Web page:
Pay for play: Northwestern

Starting today, ESPN.com will take a closer look at pay-for-play in college sports and whether student-athletes should be getting more from their athletic scholarships. As part of the series, we're looking at the finances from one school in each major conference.

Here's a closer look at Northwestern ...

What a full scholarship entails: $56,120 (includes room, board, tuition, fees, and use of books)

Cost of attendance: $58,429 (Can be slightly higher for students with permanent residences farther from campus, as travel costs would be included)

School / Revenue / Expense

Football (Number of athletes -- 105) / $22,704,959 / $15,733,548

Men's basketball (Number of athletes -- 15) / $10,048,801 / $4,158,854

Other sports -- Men's (Number of sports / Number of athletes; 6/106) / $656,037 / $4,093,011

Other sports -- Women's (Number of sports / Number of athletes; 11/239) / $764,483 / $11,426,624

Total: $0 (revenue -- expense) / $48,921,823 / $48,921,823

Student fees: $383

Amount athletics receives from student fees: $39 per student

If the Big Ten continues to champion a proposal to increase the value of athletic scholarships, Northwestern will be on board.

As a charter member of the conference, Northwestern takes pride in standing on equal footing with its Big Ten brethren. But in many aspects, including finances, Northwestern is an outlier.

"We would agree to what the vote is for the conference because we need to be with our peers," said Steve Green, Northwestern's deputy athletic director for internal affairs. "Northwestern's always been good at making sure that we're not at any competitive disadvantage, that we're like everybody else."

Green then added: "We're not like everybody else. We're a little different."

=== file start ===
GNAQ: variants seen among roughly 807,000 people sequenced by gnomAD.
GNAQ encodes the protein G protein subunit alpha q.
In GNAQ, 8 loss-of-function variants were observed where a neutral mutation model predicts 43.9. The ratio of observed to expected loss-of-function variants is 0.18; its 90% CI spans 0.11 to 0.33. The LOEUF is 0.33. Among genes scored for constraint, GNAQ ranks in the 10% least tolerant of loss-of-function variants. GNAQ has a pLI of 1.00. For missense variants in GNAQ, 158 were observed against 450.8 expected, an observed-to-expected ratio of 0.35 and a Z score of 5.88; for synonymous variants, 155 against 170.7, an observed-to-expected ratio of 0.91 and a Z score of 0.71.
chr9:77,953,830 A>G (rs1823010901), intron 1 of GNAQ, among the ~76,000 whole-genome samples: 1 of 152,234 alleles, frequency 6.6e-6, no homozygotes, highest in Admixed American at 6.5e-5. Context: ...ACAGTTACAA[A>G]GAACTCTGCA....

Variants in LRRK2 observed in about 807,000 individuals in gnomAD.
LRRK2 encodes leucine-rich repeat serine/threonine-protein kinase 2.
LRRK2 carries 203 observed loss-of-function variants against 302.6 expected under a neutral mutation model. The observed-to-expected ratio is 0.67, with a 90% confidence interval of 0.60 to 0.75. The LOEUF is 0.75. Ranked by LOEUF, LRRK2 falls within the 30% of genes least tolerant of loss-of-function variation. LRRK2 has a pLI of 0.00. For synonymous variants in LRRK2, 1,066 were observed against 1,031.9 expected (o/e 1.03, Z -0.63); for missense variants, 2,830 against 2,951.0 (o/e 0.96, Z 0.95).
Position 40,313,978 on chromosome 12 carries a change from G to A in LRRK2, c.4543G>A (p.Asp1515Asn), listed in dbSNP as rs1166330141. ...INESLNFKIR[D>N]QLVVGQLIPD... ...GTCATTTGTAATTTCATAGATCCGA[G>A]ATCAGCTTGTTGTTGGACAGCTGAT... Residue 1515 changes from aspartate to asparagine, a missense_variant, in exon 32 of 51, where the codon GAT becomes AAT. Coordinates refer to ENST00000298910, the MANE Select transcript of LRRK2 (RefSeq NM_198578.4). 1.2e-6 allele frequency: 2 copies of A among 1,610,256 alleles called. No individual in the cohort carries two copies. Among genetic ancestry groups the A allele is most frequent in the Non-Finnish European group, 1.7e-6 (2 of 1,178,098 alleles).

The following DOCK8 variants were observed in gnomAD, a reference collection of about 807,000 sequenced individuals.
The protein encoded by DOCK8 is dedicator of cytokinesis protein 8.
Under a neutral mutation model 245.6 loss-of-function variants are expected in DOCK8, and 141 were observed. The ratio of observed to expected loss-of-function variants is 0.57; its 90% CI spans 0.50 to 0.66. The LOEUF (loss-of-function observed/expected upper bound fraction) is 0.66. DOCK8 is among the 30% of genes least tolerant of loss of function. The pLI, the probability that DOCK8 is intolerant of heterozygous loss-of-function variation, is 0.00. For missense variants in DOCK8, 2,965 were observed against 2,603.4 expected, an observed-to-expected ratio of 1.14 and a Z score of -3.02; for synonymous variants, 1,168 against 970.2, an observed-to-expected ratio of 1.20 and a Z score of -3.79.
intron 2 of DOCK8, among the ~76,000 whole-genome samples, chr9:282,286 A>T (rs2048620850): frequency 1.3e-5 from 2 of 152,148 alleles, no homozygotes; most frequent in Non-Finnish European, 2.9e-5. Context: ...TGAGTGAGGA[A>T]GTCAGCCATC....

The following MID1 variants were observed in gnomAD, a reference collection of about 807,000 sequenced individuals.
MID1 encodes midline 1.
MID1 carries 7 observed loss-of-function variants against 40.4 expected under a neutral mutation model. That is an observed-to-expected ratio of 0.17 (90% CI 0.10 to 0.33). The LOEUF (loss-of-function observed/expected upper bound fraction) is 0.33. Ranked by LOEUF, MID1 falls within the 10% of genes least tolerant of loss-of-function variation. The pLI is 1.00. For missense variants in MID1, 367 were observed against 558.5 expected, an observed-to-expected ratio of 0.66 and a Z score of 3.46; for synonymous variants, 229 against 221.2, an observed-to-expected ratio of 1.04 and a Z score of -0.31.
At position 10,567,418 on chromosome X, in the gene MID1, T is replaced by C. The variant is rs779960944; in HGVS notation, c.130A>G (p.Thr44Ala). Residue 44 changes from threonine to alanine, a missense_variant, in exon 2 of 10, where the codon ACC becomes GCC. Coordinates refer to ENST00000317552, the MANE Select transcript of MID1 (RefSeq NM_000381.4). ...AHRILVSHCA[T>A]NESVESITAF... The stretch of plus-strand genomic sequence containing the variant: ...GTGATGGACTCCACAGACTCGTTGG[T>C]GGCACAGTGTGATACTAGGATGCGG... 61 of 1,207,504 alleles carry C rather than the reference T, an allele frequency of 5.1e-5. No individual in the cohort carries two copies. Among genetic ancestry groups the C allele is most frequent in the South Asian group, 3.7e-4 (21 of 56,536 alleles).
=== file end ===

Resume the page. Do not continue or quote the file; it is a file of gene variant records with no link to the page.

Northwestern is the Big Ten's only private institution, and its athletic department is more linked to and dependent on the university than the others in the conference. Like every league member, Northwestern has benefited greatly from Big Ten Network revenue, but most of the funds it receives funnel back to the school.

The reason? The university covers most of Northwestern's athletic scholarships, which don't come cheap at $56,120 a pop.

"You multiply that by the number of financial grants we give, which is about 265, that’s a lot of money," Green said. "So anything that increases the cost affects our bottom line. It would just add to the challenge if that cost kept on going up. Stanford has all of their scholarships endowed, which is great. We're not there yet. We still have a long way to go."

Northwestern has approximately 25 percent of its athletic scholarships endowed, Green said. While the number has increased, the economic downturn has made fundraising more challenging.

There are other differences. As part of public institutions, the other 11 Big Ten athletic departments can sell bonds if they fall into debt. Northwestern, meanwhile, never falls into the red.

"We have zero debt to finance," Green said.

With the smallest football and basketball venues in the Big Ten -- Ryan Field seats 47,130; Welsh-Ryan Arena holds 8,117 -- Northwestern can rely only so much on ticket sales for revenue. But the school has increased its commitment to athletics with recent initiatives like the program's first full-fledged marketing campaign and an ongoing facilities master plan. Northwestern also made a splash in May by finalizing a 10-year contract for football coach Pat Fitzgerald.

The athletic department's goal is to balance its operating expenses and its revenue. Both areas have increased in recent years, but keeping revenues on the rise has been challenging.

Northwestern ultimately would get its biggest financial boost from getting more scholarships endowed.

"The endowment income has grown, which is good," Green said. "It needs to go faster, that's all. The less we demand or need from the university, the better off we will be. We will be able to be a little more independent."

Although a more costly scholarship structure would increase the burden on Northwestern athletics, Green thinks the university would find ways to make things work.

"The school has shown in the past that it wants to compete at this level," he said. "On the financial side, there's a belief that we can get it done within the guidelines established by the central administration."